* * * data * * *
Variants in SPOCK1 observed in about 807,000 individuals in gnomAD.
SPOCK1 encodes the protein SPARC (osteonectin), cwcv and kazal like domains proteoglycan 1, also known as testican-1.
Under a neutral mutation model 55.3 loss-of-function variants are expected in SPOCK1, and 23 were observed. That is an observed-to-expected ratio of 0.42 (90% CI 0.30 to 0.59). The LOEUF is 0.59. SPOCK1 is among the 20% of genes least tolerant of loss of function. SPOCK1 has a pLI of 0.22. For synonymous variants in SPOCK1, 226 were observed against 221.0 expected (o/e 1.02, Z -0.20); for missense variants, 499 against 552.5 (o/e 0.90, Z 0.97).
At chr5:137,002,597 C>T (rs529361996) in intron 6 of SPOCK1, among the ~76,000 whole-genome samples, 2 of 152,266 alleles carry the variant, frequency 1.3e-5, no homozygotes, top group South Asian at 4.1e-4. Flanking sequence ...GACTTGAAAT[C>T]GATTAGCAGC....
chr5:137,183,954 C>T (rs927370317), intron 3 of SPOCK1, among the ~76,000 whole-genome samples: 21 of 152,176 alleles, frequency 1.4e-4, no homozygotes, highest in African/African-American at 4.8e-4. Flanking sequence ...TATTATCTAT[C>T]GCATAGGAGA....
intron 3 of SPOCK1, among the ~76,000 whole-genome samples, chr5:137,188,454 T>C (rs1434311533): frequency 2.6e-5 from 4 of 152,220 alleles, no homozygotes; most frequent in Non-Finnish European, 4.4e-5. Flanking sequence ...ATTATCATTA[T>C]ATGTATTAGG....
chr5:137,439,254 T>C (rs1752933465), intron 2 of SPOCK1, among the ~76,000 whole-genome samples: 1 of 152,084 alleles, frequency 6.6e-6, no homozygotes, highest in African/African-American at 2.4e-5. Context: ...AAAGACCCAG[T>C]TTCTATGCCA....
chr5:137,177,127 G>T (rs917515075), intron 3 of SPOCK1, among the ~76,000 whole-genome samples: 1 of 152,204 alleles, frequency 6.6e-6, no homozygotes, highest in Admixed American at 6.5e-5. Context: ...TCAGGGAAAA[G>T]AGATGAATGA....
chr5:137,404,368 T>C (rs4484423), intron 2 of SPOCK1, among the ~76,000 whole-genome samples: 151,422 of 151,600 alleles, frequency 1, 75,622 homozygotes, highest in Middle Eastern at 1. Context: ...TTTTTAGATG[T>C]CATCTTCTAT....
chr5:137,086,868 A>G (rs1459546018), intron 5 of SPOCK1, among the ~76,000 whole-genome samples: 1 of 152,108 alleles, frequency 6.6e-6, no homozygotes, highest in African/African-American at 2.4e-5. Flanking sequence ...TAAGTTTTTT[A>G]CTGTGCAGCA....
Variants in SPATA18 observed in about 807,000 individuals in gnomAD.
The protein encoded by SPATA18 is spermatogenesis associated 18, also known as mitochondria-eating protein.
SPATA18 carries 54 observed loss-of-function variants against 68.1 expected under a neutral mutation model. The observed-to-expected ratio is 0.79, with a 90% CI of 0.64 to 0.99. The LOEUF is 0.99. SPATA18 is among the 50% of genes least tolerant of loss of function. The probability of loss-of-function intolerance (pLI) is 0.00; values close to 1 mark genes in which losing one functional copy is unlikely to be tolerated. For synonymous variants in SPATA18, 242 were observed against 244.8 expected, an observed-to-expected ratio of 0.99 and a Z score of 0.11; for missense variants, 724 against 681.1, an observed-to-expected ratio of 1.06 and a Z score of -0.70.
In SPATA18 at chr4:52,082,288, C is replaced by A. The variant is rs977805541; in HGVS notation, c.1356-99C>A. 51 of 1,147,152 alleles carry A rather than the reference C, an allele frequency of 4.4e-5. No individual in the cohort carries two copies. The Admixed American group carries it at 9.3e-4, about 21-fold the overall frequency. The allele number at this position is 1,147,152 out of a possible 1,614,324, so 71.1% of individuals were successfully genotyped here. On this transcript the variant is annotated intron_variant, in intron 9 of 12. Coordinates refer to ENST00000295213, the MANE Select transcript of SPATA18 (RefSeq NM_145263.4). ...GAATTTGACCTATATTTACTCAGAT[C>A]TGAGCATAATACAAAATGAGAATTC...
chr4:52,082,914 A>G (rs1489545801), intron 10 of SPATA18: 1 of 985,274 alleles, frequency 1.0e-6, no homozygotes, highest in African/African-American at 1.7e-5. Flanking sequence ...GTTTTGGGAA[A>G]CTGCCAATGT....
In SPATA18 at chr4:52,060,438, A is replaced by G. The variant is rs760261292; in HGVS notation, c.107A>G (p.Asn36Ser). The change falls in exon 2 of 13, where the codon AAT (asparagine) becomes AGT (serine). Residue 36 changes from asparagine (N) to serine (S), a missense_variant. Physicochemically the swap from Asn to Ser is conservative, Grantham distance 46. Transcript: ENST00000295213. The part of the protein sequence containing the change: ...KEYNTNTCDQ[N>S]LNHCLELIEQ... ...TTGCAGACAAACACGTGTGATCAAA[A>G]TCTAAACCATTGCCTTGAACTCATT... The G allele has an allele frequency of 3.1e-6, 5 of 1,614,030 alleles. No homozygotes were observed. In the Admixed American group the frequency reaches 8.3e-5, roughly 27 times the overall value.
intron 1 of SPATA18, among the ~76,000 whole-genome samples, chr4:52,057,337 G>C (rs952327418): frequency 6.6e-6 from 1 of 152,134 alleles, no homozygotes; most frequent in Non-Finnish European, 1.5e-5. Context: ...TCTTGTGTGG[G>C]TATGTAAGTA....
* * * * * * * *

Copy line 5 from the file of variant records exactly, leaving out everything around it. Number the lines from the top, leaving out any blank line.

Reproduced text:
chr5:137,183,954 C>T (rs927370317), intron 3 of SPOCK1, among the ~76,000 whole-genome samples: 21 of 152,176 alleles, frequency 1.4e-4, no homozygotes, highest in African/African-American at 4.8e-4. Flanking sequence ...TATTATCTAT[C>T]GCATAGGAGA....